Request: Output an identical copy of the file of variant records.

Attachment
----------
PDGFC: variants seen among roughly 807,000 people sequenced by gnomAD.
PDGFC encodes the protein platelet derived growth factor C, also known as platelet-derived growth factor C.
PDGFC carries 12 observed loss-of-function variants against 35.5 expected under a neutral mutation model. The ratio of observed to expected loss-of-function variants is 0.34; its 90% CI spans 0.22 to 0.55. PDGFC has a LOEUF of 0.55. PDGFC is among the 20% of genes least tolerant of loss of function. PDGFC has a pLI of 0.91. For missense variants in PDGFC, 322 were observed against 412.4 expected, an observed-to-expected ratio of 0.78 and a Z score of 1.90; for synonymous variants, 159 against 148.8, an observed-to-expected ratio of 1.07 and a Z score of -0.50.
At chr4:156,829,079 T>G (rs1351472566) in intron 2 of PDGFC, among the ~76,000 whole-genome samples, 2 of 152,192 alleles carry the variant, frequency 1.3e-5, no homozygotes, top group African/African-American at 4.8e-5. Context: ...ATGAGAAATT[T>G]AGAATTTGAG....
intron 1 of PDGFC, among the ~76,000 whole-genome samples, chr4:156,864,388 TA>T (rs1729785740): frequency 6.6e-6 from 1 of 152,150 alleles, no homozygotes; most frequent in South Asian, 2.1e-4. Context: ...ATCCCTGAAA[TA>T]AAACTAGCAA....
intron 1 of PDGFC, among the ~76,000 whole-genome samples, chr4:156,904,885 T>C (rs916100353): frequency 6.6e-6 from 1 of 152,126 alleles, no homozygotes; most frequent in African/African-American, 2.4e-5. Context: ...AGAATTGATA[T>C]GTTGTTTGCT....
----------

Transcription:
PDGFC: variants seen among roughly 807,000 people sequenced by gnomAD.
PDGFC encodes the protein platelet derived growth factor C, also known as platelet-derived growth factor C.
PDGFC carries 12 observed loss-of-function variants against 35.5 expected under a neutral mutation model. The ratio of observed to expected loss-of-function variants is 0.34; its 90% CI spans 0.22 to 0.55. PDGFC has a LOEUF of 0.55. PDGFC is among the 20% of genes least tolerant of loss of function. PDGFC has a pLI of 0.91. For missense variants in PDGFC, 322 were observed against 412.4 expected, an observed-to-expected ratio of 0.78 and a Z score of 1.90; for synonymous variants, 159 against 148.8, an observed-to-expected ratio of 1.07 and a Z score of -0.50.
At chr4:156,829,079 T>G (rs1351472566) in intron 2 of PDGFC, among the ~76,000 whole-genome samples, 2 of 152,192 alleles carry the variant, frequency 1.3e-5, no homozygotes, top group African/African-American at 4.8e-5. Context: ...ATGAGAAATT[T>G]AGAATTTGAG....
intron 1 of PDGFC, among the ~76,000 whole-genome samples, chr4:156,864,388 TA>T (rs1729785740): frequency 6.6e-6 from 1 of 152,150 alleles, no homozygotes; most frequent in South Asian, 2.1e-4. Context: ...ATCCCTGAAA[TA>T]AAACTAGCAA....
intron 1 of PDGFC, among the ~76,000 whole-genome samples, chr4:156,904,885 T>C (rs916100353): frequency 6.6e-6 from 1 of 152,126 alleles, no homozygotes; most frequent in African/African-American, 2.4e-5. Context: ...AGAATTGATA[T>C]GTTGTTTGCT....